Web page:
Some people think Ratzinger’s critics are holding him responsible for acts that were carried out before he became Pope, simply because he is the head of the institution involved. This is an error. For over 25 years, Ratzinger was personally in charge of the Congregation for the Doctrine of the Faith, the part of the Vatican responsible for enforcing Catholic canonical law across the world, including on sexual abuse. He is a notorious micro-manager who, it is said, insisted every salient document cross his desk. Hans Küng, a former friend of Ratzinger’s, says: “No one in the whole of the Catholic Church knew as much about abuse cases as this Pope.”
We know what the methods of the church were during this period. When it was discovered that a child had been raped by a priest, the church swore everybody involved to secrecy, and moved the priest on to another parish. When he raped more children, they too were sworn to secrecy, and he was moved on to another parish. And on, and on. Over 10,000 people have come forward to say they were raped as part of this misery-go-round. The church insisted all cases be kept from the police and dealt with by their own “canon” law – which can only “punish” child rapists to prayer or penitence or, on rare occasions, defrocking.
Ratzinger was at the heart of this. He refuses to let any police officer see the Vatican’s documentation, even now, but honourable Catholics have leaked some of them anyway. We know what he did. We have the paper trail.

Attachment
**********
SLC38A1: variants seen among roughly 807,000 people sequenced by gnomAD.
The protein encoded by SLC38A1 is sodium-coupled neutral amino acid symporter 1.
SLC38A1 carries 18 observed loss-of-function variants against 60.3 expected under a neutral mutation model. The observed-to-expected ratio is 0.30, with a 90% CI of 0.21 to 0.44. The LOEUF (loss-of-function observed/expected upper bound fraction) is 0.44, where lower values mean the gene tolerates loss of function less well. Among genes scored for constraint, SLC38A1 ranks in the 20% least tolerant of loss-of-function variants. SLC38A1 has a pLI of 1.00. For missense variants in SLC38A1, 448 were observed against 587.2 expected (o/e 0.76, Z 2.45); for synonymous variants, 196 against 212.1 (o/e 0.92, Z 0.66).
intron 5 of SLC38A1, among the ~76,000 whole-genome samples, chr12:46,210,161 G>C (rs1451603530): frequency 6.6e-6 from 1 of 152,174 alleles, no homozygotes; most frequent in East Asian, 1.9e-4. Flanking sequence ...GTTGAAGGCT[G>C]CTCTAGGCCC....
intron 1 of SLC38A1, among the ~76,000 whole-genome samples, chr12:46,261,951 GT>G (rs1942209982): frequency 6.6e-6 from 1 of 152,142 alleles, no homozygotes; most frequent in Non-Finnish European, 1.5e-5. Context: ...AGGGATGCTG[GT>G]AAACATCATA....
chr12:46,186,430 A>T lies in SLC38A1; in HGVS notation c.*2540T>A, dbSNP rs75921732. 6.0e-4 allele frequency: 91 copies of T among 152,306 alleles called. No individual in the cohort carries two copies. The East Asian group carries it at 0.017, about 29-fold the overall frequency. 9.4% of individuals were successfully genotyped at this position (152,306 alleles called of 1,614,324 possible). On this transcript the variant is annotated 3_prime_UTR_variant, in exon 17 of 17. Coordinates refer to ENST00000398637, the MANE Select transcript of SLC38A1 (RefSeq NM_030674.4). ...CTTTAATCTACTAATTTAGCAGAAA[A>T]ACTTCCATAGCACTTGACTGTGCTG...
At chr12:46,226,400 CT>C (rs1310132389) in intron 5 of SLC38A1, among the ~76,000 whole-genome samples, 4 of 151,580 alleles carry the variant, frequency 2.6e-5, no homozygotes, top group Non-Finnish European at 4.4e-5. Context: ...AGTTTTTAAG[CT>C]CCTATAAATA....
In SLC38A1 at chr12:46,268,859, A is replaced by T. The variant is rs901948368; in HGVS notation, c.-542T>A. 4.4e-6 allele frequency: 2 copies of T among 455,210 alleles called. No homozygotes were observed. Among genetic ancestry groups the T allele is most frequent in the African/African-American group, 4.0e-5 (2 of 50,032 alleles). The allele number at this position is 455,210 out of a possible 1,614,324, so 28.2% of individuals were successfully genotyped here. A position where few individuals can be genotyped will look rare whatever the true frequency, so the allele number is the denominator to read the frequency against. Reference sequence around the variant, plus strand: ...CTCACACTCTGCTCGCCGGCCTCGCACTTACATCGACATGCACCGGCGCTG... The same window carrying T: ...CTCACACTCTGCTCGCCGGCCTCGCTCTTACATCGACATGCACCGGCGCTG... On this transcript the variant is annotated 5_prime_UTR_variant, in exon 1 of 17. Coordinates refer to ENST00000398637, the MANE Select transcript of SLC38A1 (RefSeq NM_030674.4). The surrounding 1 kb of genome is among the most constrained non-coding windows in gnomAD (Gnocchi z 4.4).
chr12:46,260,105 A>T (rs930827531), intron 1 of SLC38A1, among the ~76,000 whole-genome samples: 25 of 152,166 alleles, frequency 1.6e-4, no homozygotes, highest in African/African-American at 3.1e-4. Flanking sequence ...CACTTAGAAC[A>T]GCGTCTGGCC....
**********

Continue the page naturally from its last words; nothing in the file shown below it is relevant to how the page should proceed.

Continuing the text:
There are people who will tell you that these criticisms of Ratzinger are “anti-Catholic”. What could be more anti-Catholic than to cheer the man who facilitated the rape of your children? What could be more pro-Catholic than to try to bring him to justice? This is only one of Ratzinger’s crimes. When he visited Africa in March 2009, he said that condoms “increase the problem” of HIV/Aids. His defenders say he is simply preaching abstinence outside marriage and monogamy within it, so if people are following his advice they can’t contract HIV – but in order to reinforce the first part of his message, he spreads overt lies claiming condoms don’t work. In a church in Congo, I watched as a Catholic priest said condoms contain “tiny holes” that “help” the HIV virus – not an unusual event. Meanwhile, Ratzinger calls consensual gay sex “evil”, and has been at the forefront of trying to prevent laws that establish basic rights for gay people, especially in Latin America.
the visit has subjected Pope Benedict’s conservatism to intensely unfavourable scrutiny. On Friday he meets the Archbishop of Canterbury, who ought to send him off with a flea in his ear for trying to seduce over to Rome Church of England clergy opposed to women bishops. His beatification of Cardinal Newman for converting to Catholicism is an affront, along with his claim that Britain’s Equalities Act “violates natural law” for banning discrimination against women and gays.
“Pope Benedict XVI does not deserve the honour of a State Visit. He says women are unfit to be priests, childless couples should be denied fertility treatment and potentially life-saving embryonic stem cell research ought to be banned. The Pope insists that rape victims should be denied an abortion, using condoms to stop the spread of HIV is immoral and gay people are not entitled to equal human rights. On all these issues, Benedict is out of step with the majority of British people, including many Catholics.
“Most shockingly, the Pope is accused of covering up child sex abuse by clergy. In 2001, he wrote to every Catholic bishop in the world, ordering them to report all child sex abuse cases to him in Rome. They did. He therefore cannot claim that he was unaware of sex abuse. Moreover, his letter to the bishops demanded that they observe ‘Papal secrecy.’ It did not advise them to report abusers to the police.
“Even today, the Pope refuses to open the Vatican’s sex abuse files and hand them to the relevant police forces worldwide. Many people see his inaction as collusion with sex crimes against children. Such a person should not be feted by our government,” said Mr Tatchell.